Tech - News
The New Baseball Technology That Pros Already Want Banned
By DAVE MCQUILLING
MLB announced that PitchCom, a piece of tech that inhibits sign stealing — the dubious practice where the opposing team tries to figure out what the pitcher will throw — has been approved for use during the 2022 regular season. Instead of complex and subtle hand signals, a catcher will be able to communicate with the pitcher through a pad worn on the gloved hand.
Buttons on the pad can be used to signal what type of ball the pitcher should be throwing, and the message is then relayed to the man on the mound via an earpiece. PitchCom can also communicate with as many as three other teammates, which could help out with field arrangements. Using the device is not mandatory, and teams still have the option to use fingers.
After using it for the first time, New York Mets pitcher Max Scherzer believes the device should be illegal, and that sign stealing — and counteracting it — are skills that should not be removed from the game. However, Scherzer’s views aren’t unanimously held, even among other New York-based pitchers like the Yankees Luis Severino, who was eager to use it in his first start.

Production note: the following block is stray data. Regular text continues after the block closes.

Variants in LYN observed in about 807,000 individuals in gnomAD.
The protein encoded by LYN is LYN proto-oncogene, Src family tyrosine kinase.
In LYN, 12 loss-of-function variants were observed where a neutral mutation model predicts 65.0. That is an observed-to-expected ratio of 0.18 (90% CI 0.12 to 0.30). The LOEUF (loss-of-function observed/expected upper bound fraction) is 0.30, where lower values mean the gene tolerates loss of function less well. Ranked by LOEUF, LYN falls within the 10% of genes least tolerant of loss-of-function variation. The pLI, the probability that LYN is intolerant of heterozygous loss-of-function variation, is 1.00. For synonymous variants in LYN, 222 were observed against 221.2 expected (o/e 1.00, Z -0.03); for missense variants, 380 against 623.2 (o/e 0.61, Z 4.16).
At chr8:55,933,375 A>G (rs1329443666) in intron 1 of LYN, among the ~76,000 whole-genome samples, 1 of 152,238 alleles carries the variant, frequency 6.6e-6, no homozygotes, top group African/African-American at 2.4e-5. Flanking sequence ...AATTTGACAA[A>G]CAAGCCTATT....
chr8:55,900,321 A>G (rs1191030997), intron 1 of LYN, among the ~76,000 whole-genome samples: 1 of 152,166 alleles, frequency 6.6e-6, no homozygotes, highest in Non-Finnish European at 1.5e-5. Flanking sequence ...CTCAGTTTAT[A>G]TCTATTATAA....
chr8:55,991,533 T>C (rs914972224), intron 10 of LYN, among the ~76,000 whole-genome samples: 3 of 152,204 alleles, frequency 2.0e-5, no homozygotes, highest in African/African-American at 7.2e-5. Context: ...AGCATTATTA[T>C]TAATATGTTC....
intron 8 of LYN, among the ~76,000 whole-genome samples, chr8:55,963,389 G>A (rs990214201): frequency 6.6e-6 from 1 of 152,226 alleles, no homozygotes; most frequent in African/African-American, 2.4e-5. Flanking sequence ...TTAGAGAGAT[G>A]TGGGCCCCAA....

Sign stealing, although controversial, isn’t considered cheating, but some teams have taken things too far — for instance, the Houston Astros won the 2017 World Series after an elaborate sign-stealing scheme paid off, involving the use of a video replay system near the dugout. Such underhanded tactics were met with significant backlash, and MLB fined the Astros.